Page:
The massive debts of Icesave have hung over this tiny country - just over 300,000 people live on the island - for so long that many are deeply weary of the whole thing. "We are not talking about Icesave and things like that," says Gudrun Ingvarsdottur. They are, says the 37-year-old architect, "banned". But why? "We are just so tired of it," she says "It's like a bad dream and you just can't wake up, and every time you think you've woken up it comes again."

'Crazy'. You hear a lot of that talk around Reykjavik, and it is hardly surprising. Back and forth the arguments go about how many thousand pounds every Icelander will owe the British and Dutch governments. Imagine, says Stefan Olafsson, professor of sociology at the University of Iceland, if the banks had not crashed when they did, but gone onto gather millions of customers, as was their ambition. How much would Icelanders have owed in a few years time, if and when the banks had crashed? "It was a crazy idea altogether, but one logical consequence of financial globalisation. It was hubris," he says.

After pride, the fall. But despite the tales of graduates fleeing the indebted country, there is little evidence of that happening. And many Icelanders you meet are surprisingly upbeat about the future. They will vote "no" by a huge majority tomorrow - "yes" voters are as rare as banking executives in Reykjavik these days. The referendum is, as one top political insider puts it, "crazy" - Iceland has already been offered a better deal by the Dutch and British governments, so why would they approve the one on the table on Saturday? But it will be one way for Icelanders to let the British - and to a lesser extent the Dutch - know just how badly treated they feel.

06.03.2010. CNN reports: Iceland votes on whether to repay foreign debt. Voters in Iceland went to the polls Saturday for a national referendum on whether to repay billions of dollars the country owes to the United Kingdom and the Netherlands. Britain and Holland rode to the rescue last year when a series of Icelandic banks collapsed, bailing out savers in their own countries to the tune of more than $5 billion between them. Under a European Union directive, Iceland now owes compensation to Britain and the Netherlands. Iceland's parliament [as mentioend] passed a bill authorizing a state guarantee for repayment of the funds, but President Olafur Ragnar Grímsson declined to sign it in January. That prompted Saturday's national referendum on the law.

"Of course we feel empathy for those people that lost money," said Magnus Arni Skulason, who is campaigning against the bill. "We just want to get a more reasonable agreement," he told CNN, arguing that the terms of the loan repayment were "unacceptable." "There are sovereign issues that ... would not be acceptable to any country," he said. "Also there is a staggering interest rate ... equal to running the national health care system for six months here in Iceland." He called the collapse of the Icelandic banks during the world financial crisis of 2008-09 a "shared responsibility of Iceland, the UK and the Netherlands," blaming "financial regulators" in the countries. It is not clear what will happen if voters say no to the loan guarantees.

But the International Monetary Fund loaned Iceland $2.1 billion in November, and said repaying the money to the British and Dutch governments was a requirement of the loan. Dutch Finance Minister Wouter Bos told CNN in January that non repayment of the funds would affect "the long-term interest of the Iceland economy and the Iceland people." Britain's Treasury expects Iceland to live up to its obligations, it said in a statement in January. Iceland has begun moves toward applying for European Union membership, which Britain and the Netherlands could block. Britain spent £2.3 billion ($3.69 billion) last year to cover the losses that British savers incurred when Icelandic banks collapsed. The Dutch government spent €1.3 billion ($1.87 billion) to cover bank losses in the country.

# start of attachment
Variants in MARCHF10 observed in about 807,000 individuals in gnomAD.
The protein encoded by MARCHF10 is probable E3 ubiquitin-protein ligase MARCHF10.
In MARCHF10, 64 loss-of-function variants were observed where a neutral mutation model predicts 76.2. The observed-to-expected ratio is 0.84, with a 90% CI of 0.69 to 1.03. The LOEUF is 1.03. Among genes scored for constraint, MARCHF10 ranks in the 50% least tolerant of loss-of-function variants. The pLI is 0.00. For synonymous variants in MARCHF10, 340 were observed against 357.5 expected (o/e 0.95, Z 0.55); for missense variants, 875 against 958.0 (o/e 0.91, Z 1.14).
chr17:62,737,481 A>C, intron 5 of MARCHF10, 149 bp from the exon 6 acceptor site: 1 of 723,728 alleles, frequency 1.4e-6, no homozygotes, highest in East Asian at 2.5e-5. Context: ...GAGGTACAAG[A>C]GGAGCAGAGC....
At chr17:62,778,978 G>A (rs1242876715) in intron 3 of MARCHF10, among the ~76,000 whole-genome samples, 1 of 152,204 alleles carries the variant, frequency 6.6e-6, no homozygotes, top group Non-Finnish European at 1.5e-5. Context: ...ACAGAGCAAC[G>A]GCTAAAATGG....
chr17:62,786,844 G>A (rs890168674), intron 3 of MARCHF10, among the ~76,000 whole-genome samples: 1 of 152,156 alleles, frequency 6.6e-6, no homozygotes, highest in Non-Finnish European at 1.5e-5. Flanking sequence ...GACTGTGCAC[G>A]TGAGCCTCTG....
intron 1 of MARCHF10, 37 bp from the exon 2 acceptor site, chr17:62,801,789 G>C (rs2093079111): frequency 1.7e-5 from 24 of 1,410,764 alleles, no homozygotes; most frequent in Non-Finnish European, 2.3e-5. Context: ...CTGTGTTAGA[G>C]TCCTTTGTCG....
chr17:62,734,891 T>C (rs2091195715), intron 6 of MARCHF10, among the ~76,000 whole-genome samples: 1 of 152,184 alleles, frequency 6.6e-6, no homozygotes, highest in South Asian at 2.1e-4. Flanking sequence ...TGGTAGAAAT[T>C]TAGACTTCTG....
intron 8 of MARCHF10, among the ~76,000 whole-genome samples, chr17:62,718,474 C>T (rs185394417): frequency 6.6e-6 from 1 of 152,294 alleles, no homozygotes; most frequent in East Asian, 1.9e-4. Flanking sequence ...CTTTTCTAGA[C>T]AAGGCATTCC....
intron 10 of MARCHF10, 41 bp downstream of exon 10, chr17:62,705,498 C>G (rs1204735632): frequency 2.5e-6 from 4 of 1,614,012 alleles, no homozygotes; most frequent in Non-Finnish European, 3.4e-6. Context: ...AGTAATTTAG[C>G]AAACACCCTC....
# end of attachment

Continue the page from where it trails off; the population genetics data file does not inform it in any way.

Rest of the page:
The central administration of Iceland has for the past three weeks been engaged in a dialogue with the governments of the Netherlands and the United Kingdom, hoping for a resolution, Iceland's foreign ministry said Friday. Iceland called the talks "constructive," adding that "Iceland is confident that a mutually acceptable solution can be reached.... and is hopeful that discussions will resume as early as next week." Despite his refusal to sign the bill, Grímsson told CNN in January that "Iceland recognizes its obligations under this agreement." Resolving the issue, he added, "is a key to our recovery and our harmonious relations with these countries." The law on which Icelanders are voting Saturday would compensate Britain and the Netherlands by 2024. A simple majority is needed for the bill to pass. About 300,000 people live in Iceland. The anarchists once more call for a NO vote!

07.03.2010 [00.08 GMT + 1] BBC reports: Iceland rejects bank payback plan. Voters in Iceland have overwhelmingly rejected proposals to pay the UK and the Netherlands in the wake of collapse of the Icesave bank. With a third of results counted, 93% of voters said "No" in a referendum. Iceland's prime minister says her cabinet will remain in office and continue to seek a deal. The British and Dutch governments want reimbursement for the 3.8bn euros (£3.4bn; $5.2bn) they paid out in compensation to customers in 2008. Talks between Iceland, the UK and the Netherlands three countries broke down on Friday without agreement. But Prime Minister Johanna Sigurdardottir said even she would not vote in Saturday's poll as her cabinet was seeking to continue the negotiations.